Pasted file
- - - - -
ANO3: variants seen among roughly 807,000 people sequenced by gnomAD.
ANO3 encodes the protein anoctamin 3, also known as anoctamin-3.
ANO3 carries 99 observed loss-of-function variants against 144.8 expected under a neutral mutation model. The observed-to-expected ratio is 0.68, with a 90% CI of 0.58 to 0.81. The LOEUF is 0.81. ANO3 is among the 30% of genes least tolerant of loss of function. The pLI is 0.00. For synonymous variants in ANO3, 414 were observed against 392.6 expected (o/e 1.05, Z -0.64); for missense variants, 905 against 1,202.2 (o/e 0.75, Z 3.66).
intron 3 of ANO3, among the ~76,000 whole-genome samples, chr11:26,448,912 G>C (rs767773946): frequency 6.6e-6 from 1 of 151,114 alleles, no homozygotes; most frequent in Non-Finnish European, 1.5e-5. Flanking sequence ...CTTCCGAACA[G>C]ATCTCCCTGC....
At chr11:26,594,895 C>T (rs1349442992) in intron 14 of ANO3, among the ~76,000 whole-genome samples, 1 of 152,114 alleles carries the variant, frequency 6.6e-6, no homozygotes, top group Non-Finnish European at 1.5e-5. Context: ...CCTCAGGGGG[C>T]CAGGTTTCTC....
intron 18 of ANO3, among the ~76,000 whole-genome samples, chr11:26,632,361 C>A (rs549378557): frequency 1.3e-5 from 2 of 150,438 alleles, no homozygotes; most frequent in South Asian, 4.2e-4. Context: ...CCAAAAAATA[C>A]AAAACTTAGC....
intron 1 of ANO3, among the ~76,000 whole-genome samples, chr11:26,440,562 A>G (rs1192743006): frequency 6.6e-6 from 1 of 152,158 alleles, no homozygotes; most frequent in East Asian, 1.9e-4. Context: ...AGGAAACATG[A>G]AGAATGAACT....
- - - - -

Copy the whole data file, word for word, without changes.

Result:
ANO3: variants seen among roughly 807,000 people sequenced by gnomAD.
ANO3 encodes the protein anoctamin 3, also known as anoctamin-3.
ANO3 carries 99 observed loss-of-function variants against 144.8 expected under a neutral mutation model. The observed-to-expected ratio is 0.68, with a 90% CI of 0.58 to 0.81. The LOEUF is 0.81. ANO3 is among the 30% of genes least tolerant of loss of function. The pLI is 0.00. For synonymous variants in ANO3, 414 were observed against 392.6 expected (o/e 1.05, Z -0.64); for missense variants, 905 against 1,202.2 (o/e 0.75, Z 3.66).
intron 3 of ANO3, among the ~76,000 whole-genome samples, chr11:26,448,912 G>C (rs767773946): frequency 6.6e-6 from 1 of 151,114 alleles, no homozygotes; most frequent in Non-Finnish European, 1.5e-5. Flanking sequence ...CTTCCGAACA[G>C]ATCTCCCTGC....
At chr11:26,594,895 C>T (rs1349442992) in intron 14 of ANO3, among the ~76,000 whole-genome samples, 1 of 152,114 alleles carries the variant, frequency 6.6e-6, no homozygotes, top group Non-Finnish European at 1.5e-5. Context: ...CCTCAGGGGG[C>T]CAGGTTTCTC....
intron 18 of ANO3, among the ~76,000 whole-genome samples, chr11:26,632,361 C>A (rs549378557): frequency 1.3e-5 from 2 of 150,438 alleles, no homozygotes; most frequent in South Asian, 4.2e-4. Context: ...CCAAAAAATA[C>A]AAAACTTAGC....
intron 1 of ANO3, among the ~76,000 whole-genome samples, chr11:26,440,562 A>G (rs1192743006): frequency 6.6e-6 from 1 of 152,158 alleles, no homozygotes; most frequent in East Asian, 1.9e-4. Context: ...AGGAAACATG[A>G]AGAATGAACT....